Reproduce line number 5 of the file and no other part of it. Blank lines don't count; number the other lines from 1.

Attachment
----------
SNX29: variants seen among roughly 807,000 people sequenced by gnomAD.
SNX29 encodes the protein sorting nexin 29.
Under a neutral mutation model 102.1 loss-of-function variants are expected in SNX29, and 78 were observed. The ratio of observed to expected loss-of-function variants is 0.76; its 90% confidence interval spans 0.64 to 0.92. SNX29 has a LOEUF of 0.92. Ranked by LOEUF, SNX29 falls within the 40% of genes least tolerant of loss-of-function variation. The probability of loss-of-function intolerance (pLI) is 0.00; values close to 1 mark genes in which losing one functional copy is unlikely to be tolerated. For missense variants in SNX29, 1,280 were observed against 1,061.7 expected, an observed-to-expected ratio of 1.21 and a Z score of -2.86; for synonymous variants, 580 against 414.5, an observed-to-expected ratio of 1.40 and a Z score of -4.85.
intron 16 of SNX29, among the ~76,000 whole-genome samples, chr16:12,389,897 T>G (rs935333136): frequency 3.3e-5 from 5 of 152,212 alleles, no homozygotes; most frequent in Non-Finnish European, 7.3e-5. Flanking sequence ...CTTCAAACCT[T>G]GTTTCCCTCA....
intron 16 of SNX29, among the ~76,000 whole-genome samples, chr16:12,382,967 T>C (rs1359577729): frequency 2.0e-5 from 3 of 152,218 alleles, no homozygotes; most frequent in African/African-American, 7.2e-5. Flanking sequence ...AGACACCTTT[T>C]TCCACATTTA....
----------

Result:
intron 16 of SNX29, among the ~76,000 whole-genome samples, chr16:12,382,967 T>C (rs1359577729): frequency 2.0e-5 from 3 of 152,218 alleles, no homozygotes; most frequent in African/African-American, 7.2e-5. Flanking sequence ...AGACACCTTT[T>C]TCCACATTTA....